Donald Trump and Kim Jong-un want to hold a summit in Singapore next month to decide on international issues like denuclearization, but no one appears to be worried about the plight of the North Koreans. They need humanitarian aid and a section of South Koreans have risen to the occasion. They want to spread the spirit of goodwill and show that they care.

CNN reports that there are people who regularly send messages in bottles for their less lucky brethren. They float the bottles stuffed with uncooked white rice and a single US dollar bill, along with a selected range of common medicines and a USB.

This device contains information from the outside world along with videos that feature interesting subjects. The message says - "God loves you."

The plight of North Koreans

According to the UN, nearly 41 percent of the population in North Korea is undernourished. They do not get proper medical care. Doctors had found worms in the stomach of a defector – he was a soldier who fled across the DMZ last year.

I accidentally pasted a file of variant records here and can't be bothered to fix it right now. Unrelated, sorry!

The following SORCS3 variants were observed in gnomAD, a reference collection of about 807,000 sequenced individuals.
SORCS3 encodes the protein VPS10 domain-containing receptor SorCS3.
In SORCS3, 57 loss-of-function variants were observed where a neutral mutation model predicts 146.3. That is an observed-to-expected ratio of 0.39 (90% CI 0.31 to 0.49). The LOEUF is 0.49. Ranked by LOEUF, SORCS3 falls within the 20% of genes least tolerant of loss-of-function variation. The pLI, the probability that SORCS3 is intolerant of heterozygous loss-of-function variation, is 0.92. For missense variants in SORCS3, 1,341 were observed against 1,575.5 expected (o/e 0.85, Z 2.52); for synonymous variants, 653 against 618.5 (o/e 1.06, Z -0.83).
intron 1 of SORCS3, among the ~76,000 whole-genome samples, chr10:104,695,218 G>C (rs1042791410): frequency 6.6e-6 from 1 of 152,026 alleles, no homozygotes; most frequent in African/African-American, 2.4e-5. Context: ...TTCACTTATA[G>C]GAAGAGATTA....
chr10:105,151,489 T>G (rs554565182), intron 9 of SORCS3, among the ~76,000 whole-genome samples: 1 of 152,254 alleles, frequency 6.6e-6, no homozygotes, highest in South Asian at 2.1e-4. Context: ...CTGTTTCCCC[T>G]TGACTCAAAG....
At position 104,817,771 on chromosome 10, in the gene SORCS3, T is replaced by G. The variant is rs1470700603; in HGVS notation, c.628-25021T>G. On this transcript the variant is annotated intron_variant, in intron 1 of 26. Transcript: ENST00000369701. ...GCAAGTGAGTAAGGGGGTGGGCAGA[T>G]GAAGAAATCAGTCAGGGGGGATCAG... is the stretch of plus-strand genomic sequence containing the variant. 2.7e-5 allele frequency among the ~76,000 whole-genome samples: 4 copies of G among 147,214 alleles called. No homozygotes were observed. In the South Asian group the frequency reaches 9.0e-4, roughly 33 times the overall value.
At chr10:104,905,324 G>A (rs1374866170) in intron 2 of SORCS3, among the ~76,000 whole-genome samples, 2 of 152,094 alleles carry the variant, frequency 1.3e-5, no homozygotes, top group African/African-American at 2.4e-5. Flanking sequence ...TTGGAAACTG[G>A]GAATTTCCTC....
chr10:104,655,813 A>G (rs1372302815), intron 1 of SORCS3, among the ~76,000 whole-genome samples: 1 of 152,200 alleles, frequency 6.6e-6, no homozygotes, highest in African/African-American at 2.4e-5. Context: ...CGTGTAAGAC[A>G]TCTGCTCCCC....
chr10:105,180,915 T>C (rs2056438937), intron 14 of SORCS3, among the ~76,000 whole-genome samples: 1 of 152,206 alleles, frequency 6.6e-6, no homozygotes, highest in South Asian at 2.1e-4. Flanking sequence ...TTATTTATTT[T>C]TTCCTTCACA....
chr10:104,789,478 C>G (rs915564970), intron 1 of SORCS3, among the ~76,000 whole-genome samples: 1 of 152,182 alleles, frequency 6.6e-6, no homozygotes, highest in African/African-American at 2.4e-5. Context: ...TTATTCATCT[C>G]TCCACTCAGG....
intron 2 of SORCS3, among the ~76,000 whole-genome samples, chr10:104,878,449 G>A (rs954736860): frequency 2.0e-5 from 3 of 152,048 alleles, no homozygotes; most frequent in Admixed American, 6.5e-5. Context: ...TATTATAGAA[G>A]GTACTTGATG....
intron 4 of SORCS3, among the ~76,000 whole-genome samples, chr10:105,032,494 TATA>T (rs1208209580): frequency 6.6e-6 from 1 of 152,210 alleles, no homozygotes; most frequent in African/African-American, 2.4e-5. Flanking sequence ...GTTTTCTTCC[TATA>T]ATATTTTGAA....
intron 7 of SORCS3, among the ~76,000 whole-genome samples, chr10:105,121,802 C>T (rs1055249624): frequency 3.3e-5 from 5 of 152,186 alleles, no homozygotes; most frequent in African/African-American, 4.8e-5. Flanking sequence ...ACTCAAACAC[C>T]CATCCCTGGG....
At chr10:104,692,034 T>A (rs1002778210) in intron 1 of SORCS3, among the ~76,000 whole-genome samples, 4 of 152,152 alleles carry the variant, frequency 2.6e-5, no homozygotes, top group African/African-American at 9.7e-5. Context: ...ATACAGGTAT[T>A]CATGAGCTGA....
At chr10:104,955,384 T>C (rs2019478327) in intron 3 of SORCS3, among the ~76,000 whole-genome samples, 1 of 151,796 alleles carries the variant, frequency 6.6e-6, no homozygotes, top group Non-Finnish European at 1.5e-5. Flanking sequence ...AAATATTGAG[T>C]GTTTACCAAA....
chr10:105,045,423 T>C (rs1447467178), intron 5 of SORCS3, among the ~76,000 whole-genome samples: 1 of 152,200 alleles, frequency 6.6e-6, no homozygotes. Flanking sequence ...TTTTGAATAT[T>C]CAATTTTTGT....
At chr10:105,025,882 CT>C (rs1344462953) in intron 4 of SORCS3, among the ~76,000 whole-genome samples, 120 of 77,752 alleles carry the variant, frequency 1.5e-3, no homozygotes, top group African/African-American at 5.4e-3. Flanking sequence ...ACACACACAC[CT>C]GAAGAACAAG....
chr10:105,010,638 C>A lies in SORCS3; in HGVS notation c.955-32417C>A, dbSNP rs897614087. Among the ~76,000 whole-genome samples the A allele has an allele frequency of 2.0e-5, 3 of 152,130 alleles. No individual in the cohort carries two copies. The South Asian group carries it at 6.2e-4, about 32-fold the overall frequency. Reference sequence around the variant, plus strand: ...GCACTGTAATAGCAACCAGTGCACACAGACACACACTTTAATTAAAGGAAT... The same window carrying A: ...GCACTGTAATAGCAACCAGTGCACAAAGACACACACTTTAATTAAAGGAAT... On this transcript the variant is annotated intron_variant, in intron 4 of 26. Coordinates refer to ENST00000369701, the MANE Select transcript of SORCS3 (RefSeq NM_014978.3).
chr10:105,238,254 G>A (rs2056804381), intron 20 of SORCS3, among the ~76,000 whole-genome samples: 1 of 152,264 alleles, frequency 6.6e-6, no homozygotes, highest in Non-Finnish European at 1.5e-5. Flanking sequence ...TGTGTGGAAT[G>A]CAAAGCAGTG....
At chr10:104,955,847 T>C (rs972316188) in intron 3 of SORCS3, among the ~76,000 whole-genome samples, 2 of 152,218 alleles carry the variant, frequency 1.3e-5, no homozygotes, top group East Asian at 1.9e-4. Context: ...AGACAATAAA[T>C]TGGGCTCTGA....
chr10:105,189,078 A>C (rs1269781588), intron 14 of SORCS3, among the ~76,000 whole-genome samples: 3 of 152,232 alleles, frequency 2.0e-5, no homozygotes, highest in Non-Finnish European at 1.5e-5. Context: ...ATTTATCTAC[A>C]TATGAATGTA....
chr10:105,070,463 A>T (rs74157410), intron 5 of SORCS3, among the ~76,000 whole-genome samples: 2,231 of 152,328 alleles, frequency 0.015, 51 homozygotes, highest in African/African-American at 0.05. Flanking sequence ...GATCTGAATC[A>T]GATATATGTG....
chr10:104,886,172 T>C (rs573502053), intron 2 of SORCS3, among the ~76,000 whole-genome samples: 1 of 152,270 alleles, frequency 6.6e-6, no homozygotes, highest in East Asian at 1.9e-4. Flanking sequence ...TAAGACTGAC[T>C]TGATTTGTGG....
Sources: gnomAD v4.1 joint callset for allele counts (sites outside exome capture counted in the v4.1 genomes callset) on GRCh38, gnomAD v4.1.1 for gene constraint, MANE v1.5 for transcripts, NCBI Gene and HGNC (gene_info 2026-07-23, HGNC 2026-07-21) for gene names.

Groups of well-wishers, irrespective of religious beliefs, have been sending across food and information into the hermit kingdom. One of them is Tim Peters, an American missionary who has lived for years in South Korea. He passes on small plastic bags full of seeds. He met Donald Trump in the White House and had apprised him about the living conditions in North Korea.

When Kim Jong-un and Moon Jae-in met at the DMZ in late April, it was hailed as a historic occasion. It led to many emotional reactions from the people on both sides. However, no one has bothered to highlight the pathetic condition of the North Koreans. Kim is likely to meet Donald Trump for the summit in Singapore and the issue of human rights should figure in the talks.

Actions for peace identified

One of the first decisions taken at the meeting between Kim Jong-un and Moon Jae-in, was to remove all loudspeakers that broadcast propaganda material at the border and also stop the distribution of leaflets to the other side. This was meant to de-escalate tensions. However, the authorities in South Korea wants the activists to discontinue the practice of sending across messages and humanitarian aid in bottles.

Those who send the bottles filled with food, medicines, and information have no means of knowing whether their mission helps their brethren on the other side of the border. However, the feedback they have from South Korean border guards is positive. It seems the North Korean soldiers and civilians do collect the rice-filled bottles once they wash up on the shore.

Let us hope that the sensitive issue of human rights will be on the agenda of the summit between Donald Trump and Kim Jong-un in Singapore

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